separating filter in front of it (R, G and B) with a beam splitter to
distribute the light to each of the three CCDs.  It would make the
cameras much larger and more costly, and might even slow it down quite a
bit, since the light hitting each CCD is cut in third or more.

So, instead the Bayer pattern is used.  This is a filter that has blocks
of color (R, G or B) the exact size of each sensor in the CCD.

This pattern is designed as follows:


In this case, R=Red, G=Green and B=Blue.

As you can readily see, a couple of problems exist.

One, there are twice as many of sensors with a Green color separation
filter in front of it than either Red or Blue.

Two, any one sensor location only gets information about one of the colors.

The advantage to this system is it requires only one CCD chip, the image
can be captured rapidly with no mechanical or other alterations or
filters.  The disadvantage is that each sensor point only gets one piece
of the color image data.  So, the R(ed) covered sensor has to guess what
the Green and Blue values were, the Blue has no idea what the Red and
Green values were at that exact spot, and the same holds true to the
Green, or which half the total sensors numbers are covered with.

This requires the image to be processed with algorithms which look at
surrounding data to make reasonable color guesses (interpolation) about
those missing data points, and with sophisticated soft or firmware, a
reasonable facsimile can be created.

Where this system tends to be weak and create artifacts, is when there
are very many contrast or color changes with sharp delineations.  It is
in those areas that mores of other artifacts can be built into the image
file because, simply put, the algorithms simply amplify these gaps of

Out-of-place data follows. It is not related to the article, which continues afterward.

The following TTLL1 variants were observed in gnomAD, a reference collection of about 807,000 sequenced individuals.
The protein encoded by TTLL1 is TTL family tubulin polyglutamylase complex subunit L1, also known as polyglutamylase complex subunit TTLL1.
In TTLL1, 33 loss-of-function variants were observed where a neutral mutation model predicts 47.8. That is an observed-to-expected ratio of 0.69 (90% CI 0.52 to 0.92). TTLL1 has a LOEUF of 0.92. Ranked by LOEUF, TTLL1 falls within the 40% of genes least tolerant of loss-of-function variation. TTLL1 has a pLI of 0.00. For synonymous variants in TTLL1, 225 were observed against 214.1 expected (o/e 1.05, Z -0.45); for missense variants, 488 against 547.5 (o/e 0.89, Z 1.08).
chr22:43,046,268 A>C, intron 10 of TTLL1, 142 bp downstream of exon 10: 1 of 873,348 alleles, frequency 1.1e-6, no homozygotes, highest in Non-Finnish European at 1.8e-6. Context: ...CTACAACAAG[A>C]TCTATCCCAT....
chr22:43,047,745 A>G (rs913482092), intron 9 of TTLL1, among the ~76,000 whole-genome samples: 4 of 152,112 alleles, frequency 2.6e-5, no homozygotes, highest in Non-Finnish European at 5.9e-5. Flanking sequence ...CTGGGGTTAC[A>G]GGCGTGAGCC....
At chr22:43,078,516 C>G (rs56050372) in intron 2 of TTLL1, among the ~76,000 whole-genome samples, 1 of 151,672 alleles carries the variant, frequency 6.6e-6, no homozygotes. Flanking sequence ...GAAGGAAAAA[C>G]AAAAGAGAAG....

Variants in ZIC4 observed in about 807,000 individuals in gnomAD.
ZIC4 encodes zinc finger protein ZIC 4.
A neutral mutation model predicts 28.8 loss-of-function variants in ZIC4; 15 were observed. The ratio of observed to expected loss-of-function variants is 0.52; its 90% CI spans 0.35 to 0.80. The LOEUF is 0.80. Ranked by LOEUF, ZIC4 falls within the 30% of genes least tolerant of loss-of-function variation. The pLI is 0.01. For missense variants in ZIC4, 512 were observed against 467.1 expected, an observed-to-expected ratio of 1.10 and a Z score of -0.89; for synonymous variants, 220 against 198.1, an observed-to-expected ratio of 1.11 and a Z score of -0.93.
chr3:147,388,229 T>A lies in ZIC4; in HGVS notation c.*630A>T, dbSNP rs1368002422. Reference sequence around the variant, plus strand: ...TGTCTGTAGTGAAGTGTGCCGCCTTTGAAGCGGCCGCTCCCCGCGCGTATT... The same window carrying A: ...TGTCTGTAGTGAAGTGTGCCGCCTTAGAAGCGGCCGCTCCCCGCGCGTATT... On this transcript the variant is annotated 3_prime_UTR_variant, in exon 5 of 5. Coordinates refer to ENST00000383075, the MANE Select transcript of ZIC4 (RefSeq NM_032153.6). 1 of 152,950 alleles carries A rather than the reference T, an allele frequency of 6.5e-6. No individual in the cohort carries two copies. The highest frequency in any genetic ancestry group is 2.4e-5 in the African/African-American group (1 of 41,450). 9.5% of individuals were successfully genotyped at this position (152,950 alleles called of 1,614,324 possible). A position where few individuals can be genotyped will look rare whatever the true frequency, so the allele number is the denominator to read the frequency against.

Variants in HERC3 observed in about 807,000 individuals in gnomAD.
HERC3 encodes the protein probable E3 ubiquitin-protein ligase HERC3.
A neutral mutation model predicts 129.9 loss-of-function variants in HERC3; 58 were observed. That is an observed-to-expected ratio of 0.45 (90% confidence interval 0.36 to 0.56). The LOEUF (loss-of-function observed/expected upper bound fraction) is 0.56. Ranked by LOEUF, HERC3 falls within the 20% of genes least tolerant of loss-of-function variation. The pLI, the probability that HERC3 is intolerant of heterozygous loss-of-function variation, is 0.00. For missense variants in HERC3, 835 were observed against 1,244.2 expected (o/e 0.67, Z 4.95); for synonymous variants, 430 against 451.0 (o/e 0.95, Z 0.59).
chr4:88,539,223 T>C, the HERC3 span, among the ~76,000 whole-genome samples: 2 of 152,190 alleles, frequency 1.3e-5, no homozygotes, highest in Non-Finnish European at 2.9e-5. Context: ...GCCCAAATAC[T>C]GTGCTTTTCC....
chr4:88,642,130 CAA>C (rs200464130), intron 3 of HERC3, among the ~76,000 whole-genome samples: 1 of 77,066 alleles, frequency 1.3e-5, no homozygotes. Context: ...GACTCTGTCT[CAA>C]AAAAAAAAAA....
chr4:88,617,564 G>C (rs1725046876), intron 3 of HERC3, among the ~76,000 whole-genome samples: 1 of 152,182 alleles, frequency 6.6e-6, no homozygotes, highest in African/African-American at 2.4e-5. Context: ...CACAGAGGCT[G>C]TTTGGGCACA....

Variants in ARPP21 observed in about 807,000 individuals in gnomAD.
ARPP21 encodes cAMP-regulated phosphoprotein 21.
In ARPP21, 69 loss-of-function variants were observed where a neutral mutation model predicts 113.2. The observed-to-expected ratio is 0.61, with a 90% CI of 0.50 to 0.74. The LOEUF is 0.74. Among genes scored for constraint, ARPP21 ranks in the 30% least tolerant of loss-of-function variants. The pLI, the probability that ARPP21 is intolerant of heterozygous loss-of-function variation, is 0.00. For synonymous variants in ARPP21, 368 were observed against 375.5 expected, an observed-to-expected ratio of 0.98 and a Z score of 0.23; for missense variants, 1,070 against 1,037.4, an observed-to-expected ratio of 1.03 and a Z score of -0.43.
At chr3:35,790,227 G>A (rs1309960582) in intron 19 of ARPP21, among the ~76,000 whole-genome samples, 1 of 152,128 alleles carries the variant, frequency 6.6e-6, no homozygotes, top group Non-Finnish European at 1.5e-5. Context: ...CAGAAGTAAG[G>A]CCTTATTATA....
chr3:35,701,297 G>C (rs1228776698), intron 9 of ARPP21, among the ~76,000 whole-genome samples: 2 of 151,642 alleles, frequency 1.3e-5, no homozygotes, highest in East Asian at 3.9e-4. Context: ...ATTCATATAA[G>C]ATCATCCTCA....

"color knowledge".  This information can particularly show up with a
repeated pattern of certain frequency relative to the spacing/size of
the sensors.  An example might be a close up photograph of a cloth with
a weave where every other thread alternated color.

The only type of sensor chip I know of in a digital camera where this
type of moir artifacting is unlikely to occur (without using some sort
of cut off or aliasing filtering to diminish it but also soften the
image) is one with a Foveon chip which takes a R, G and B value from
each sensor point using a unique patented method which uses transparent
layered sensors.


Al Bond wrote:
> Hi folks,
> I was looking at some 5 megapixel (Canon G5) sample images to get
> some idea how the might compare against my 2820 dpi scanner.  I know
> I have read in the past that, despite the large difference in file sizes and
> pixel counts, a 5MP camera isn't as far behind a 2820 dpi scanner as it
> might seem.
> Certainly the sample G5 images looked reasonable but, on one image of
> a house, the fine roof tile details had generated a fairly obvious moire
> pattern.  This is something I have never come across on any of my film
> scans.
> Have I just got lucky on my scans or is moire more likely to happen with
> digicams?  Also, does the processing affect this? The G5 image in
> question was available on the Web as both a camera produced Jpeg and
> as a RAW file: when I processed the RAW file in Vuescan to produce a
> 16 bit TIFF and applied edge sharpening in Photoshop, the moire was
> more noticable than in the Jpeg - but there was also much more fine
> detail than in the Jpeg.
> I'm just curious to know why there seems to be this apparent difference
> between digicams and scanners!
> Al Bond

Unsubscribe by mail to listserver@halftone.co.uk, with 'unsubscribe 
or 'unsubscribe filmscanners_digest' (as appropriate) in the message title or 


Copyright © Lexa Software, 1996-2009.